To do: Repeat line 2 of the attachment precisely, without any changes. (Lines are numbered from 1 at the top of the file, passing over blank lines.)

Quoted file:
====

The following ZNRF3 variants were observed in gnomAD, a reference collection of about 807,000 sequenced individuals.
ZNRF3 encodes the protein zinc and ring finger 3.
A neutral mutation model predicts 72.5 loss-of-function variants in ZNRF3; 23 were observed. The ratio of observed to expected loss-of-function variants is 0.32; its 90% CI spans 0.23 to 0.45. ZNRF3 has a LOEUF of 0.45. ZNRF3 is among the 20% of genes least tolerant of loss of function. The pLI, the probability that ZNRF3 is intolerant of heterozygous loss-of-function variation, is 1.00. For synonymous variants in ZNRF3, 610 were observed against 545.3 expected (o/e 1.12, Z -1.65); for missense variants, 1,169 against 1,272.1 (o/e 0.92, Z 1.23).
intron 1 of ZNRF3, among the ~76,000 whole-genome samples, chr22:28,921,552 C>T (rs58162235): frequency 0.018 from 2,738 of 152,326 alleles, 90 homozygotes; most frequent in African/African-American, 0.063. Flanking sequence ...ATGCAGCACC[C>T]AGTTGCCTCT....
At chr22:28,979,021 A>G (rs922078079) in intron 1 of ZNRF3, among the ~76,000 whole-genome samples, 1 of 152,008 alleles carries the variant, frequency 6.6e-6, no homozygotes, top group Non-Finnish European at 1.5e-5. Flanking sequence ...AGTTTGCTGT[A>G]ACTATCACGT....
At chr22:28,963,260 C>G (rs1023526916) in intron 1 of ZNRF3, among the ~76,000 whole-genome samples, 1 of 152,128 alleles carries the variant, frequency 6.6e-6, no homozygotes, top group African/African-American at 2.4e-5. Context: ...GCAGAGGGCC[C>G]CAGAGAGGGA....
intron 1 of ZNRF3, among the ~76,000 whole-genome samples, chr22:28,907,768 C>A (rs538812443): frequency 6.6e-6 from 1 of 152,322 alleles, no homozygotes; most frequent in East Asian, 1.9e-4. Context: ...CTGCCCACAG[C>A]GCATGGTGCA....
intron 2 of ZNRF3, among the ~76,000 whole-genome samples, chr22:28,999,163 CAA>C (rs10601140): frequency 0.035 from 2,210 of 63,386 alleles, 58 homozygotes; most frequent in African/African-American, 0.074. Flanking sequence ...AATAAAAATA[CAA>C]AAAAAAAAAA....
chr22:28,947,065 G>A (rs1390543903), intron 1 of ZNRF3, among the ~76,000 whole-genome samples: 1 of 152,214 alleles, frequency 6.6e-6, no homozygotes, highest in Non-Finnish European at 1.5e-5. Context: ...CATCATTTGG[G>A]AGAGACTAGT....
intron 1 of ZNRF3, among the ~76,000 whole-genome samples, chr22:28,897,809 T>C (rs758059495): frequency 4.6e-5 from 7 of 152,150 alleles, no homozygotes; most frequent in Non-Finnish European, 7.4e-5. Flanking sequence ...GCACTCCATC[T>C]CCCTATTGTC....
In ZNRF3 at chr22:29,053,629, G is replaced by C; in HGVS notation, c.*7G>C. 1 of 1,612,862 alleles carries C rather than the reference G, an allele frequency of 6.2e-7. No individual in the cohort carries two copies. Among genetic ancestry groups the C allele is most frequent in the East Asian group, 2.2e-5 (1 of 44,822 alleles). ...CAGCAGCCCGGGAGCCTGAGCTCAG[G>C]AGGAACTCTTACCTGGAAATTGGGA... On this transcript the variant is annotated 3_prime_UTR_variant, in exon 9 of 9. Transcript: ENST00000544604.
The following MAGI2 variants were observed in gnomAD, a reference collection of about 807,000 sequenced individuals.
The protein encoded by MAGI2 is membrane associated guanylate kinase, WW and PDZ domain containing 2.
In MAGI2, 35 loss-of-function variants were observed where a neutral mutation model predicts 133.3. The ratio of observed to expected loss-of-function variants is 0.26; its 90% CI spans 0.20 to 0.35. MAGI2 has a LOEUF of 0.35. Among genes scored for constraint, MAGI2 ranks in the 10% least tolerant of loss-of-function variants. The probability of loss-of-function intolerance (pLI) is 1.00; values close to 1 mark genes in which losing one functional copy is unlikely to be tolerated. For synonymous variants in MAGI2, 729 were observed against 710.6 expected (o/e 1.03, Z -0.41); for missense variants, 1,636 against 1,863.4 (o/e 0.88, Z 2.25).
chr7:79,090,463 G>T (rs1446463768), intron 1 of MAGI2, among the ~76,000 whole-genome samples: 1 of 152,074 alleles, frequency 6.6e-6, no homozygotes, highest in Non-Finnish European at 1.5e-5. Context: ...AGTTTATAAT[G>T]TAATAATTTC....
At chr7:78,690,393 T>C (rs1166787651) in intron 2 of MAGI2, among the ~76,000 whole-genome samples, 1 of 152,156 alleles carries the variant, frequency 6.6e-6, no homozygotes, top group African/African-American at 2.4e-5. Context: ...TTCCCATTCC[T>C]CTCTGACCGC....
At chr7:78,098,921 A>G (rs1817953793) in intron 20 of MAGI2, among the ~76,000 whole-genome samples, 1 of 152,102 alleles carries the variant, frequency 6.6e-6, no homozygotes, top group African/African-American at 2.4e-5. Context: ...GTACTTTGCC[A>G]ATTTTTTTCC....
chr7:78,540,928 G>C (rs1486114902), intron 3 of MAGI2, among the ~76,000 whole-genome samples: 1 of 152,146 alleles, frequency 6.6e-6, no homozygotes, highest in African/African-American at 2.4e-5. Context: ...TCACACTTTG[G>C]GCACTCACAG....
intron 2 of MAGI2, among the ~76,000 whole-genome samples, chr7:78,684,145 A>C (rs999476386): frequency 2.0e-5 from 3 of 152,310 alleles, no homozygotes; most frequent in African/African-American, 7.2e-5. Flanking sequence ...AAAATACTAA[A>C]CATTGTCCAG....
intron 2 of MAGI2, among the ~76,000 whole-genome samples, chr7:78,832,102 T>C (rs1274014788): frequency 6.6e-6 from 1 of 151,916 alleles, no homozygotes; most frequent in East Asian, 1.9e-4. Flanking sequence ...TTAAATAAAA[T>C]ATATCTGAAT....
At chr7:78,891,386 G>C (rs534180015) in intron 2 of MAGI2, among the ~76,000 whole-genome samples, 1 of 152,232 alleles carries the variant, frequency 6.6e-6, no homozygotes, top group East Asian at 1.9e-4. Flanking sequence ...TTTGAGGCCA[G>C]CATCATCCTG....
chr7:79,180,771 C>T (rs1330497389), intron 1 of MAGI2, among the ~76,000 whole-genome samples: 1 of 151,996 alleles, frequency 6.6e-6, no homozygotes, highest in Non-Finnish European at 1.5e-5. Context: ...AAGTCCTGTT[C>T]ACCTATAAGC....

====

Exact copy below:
ZNRF3 encodes the protein zinc and ring finger 3.